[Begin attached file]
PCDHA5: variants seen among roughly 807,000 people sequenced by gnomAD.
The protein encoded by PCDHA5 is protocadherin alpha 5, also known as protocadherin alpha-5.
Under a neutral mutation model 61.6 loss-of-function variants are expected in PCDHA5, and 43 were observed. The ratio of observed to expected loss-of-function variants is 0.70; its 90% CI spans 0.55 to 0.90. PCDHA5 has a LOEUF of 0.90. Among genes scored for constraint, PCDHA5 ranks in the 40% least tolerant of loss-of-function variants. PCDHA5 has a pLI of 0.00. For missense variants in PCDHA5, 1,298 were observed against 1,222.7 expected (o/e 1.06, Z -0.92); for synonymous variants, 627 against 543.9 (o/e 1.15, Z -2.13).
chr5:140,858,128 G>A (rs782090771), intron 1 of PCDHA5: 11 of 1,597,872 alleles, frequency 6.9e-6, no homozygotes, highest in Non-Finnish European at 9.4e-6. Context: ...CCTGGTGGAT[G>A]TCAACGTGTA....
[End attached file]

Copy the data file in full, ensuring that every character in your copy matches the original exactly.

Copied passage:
PCDHA5: variants seen among roughly 807,000 people sequenced by gnomAD.
The protein encoded by PCDHA5 is protocadherin alpha 5, also known as protocadherin alpha-5.
Under a neutral mutation model 61.6 loss-of-function variants are expected in PCDHA5, and 43 were observed. The ratio of observed to expected loss-of-function variants is 0.70; its 90% CI spans 0.55 to 0.90. PCDHA5 has a LOEUF of 0.90. Among genes scored for constraint, PCDHA5 ranks in the 40% least tolerant of loss-of-function variants. PCDHA5 has a pLI of 0.00. For missense variants in PCDHA5, 1,298 were observed against 1,222.7 expected (o/e 1.06, Z -0.92); for synonymous variants, 627 against 543.9 (o/e 1.15, Z -2.13).
chr5:140,858,128 G>A (rs782090771), intron 1 of PCDHA5: 11 of 1,597,872 alleles, frequency 6.9e-6, no homozygotes, highest in Non-Finnish European at 9.4e-6. Context: ...CCTGGTGGAT[G>A]TCAACGTGTA....